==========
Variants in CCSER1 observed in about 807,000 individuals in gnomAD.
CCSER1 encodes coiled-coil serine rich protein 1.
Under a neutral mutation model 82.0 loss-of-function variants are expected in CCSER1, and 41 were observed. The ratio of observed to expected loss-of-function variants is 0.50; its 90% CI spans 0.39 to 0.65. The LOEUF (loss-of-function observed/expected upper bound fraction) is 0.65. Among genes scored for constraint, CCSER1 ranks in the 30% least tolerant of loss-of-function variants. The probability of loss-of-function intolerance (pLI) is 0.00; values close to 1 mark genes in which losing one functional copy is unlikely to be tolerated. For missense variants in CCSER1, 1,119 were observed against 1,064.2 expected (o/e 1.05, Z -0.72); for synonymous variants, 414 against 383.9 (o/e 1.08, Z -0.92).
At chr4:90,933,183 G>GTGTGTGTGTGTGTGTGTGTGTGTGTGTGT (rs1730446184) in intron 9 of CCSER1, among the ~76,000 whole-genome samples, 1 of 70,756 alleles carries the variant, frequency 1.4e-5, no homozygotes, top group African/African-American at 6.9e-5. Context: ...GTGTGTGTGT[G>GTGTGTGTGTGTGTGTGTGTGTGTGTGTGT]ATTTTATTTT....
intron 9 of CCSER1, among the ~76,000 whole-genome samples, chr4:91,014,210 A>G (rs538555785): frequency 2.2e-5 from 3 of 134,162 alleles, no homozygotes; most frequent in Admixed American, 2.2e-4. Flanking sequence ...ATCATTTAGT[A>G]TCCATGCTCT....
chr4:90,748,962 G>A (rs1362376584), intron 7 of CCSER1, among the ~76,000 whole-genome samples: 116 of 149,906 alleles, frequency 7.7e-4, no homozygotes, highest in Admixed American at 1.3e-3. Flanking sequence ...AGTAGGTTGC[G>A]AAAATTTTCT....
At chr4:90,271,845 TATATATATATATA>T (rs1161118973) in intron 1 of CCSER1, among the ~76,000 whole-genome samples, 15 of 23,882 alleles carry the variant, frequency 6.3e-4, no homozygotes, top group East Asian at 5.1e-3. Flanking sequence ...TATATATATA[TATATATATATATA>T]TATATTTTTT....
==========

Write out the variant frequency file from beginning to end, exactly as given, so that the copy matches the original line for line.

Variants in CCSER1 observed in about 807,000 individuals in gnomAD.
CCSER1 encodes coiled-coil serine rich protein 1.
Under a neutral mutation model 82.0 loss-of-function variants are expected in CCSER1, and 41 were observed. The ratio of observed to expected loss-of-function variants is 0.50; its 90% CI spans 0.39 to 0.65. The LOEUF (loss-of-function observed/expected upper bound fraction) is 0.65. Among genes scored for constraint, CCSER1 ranks in the 30% least tolerant of loss-of-function variants. The probability of loss-of-function intolerance (pLI) is 0.00; values close to 1 mark genes in which losing one functional copy is unlikely to be tolerated. For missense variants in CCSER1, 1,119 were observed against 1,064.2 expected (o/e 1.05, Z -0.72); for synonymous variants, 414 against 383.9 (o/e 1.08, Z -0.92).
At chr4:90,933,183 G>GTGTGTGTGTGTGTGTGTGTGTGTGTGTGT (rs1730446184) in intron 9 of CCSER1, among the ~76,000 whole-genome samples, 1 of 70,756 alleles carries the variant, frequency 1.4e-5, no homozygotes, top group African/African-American at 6.9e-5. Context: ...GTGTGTGTGT[G>GTGTGTGTGTGTGTGTGTGTGTGTGTGTGT]ATTTTATTTT....
intron 9 of CCSER1, among the ~76,000 whole-genome samples, chr4:91,014,210 A>G (rs538555785): frequency 2.2e-5 from 3 of 134,162 alleles, no homozygotes; most frequent in Admixed American, 2.2e-4. Flanking sequence ...ATCATTTAGT[A>G]TCCATGCTCT....
chr4:90,748,962 G>A (rs1362376584), intron 7 of CCSER1, among the ~76,000 whole-genome samples: 116 of 149,906 alleles, frequency 7.7e-4, no homozygotes, highest in Admixed American at 1.3e-3. Flanking sequence ...AGTAGGTTGC[G>A]AAAATTTTCT....
At chr4:90,271,845 TATATATATATATA>T (rs1161118973) in intron 1 of CCSER1, among the ~76,000 whole-genome samples, 15 of 23,882 alleles carry the variant, frequency 6.3e-4, no homozygotes, top group East Asian at 5.1e-3. Flanking sequence ...TATATATATA[TATATATATATATA>T]TATATTTTTT....